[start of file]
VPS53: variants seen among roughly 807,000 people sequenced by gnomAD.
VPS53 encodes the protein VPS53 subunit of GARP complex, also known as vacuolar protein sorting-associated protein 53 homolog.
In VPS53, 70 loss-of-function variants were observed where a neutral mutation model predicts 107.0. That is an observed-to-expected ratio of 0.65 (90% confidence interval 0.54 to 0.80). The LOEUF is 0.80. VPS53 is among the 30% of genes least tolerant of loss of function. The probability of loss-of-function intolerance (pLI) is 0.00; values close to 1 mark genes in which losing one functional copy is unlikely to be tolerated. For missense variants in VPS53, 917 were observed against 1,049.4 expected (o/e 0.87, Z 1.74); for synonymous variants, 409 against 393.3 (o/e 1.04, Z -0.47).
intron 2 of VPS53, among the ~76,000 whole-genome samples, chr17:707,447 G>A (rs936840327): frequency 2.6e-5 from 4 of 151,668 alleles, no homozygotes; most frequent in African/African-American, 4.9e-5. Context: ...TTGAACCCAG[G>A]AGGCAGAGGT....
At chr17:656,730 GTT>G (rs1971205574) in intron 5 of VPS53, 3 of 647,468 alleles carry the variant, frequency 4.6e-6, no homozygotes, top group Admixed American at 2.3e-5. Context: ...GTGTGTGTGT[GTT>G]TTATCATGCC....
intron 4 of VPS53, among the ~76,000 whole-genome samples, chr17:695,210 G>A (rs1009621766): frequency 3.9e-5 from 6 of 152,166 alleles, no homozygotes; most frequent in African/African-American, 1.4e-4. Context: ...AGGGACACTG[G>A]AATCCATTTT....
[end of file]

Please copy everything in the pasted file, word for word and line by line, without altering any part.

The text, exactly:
VPS53: variants seen among roughly 807,000 people sequenced by gnomAD.
VPS53 encodes the protein VPS53 subunit of GARP complex, also known as vacuolar protein sorting-associated protein 53 homolog.
In VPS53, 70 loss-of-function variants were observed where a neutral mutation model predicts 107.0. That is an observed-to-expected ratio of 0.65 (90% confidence interval 0.54 to 0.80). The LOEUF is 0.80. VPS53 is among the 30% of genes least tolerant of loss of function. The probability of loss-of-function intolerance (pLI) is 0.00; values close to 1 mark genes in which losing one functional copy is unlikely to be tolerated. For missense variants in VPS53, 917 were observed against 1,049.4 expected (o/e 0.87, Z 1.74); for synonymous variants, 409 against 393.3 (o/e 1.04, Z -0.47).
intron 2 of VPS53, among the ~76,000 whole-genome samples, chr17:707,447 G>A (rs936840327): frequency 2.6e-5 from 4 of 151,668 alleles, no homozygotes; most frequent in African/African-American, 4.9e-5. Context: ...TTGAACCCAG[G>A]AGGCAGAGGT....
At chr17:656,730 GTT>G (rs1971205574) in intron 5 of VPS53, 3 of 647,468 alleles carry the variant, frequency 4.6e-6, no homozygotes, top group Admixed American at 2.3e-5. Context: ...GTGTGTGTGT[GTT>G]TTATCATGCC....
intron 4 of VPS53, among the ~76,000 whole-genome samples, chr17:695,210 G>A (rs1009621766): frequency 3.9e-5 from 6 of 152,166 alleles, no homozygotes; most frequent in African/African-American, 1.4e-4. Context: ...AGGGACACTG[G>A]AATCCATTTT....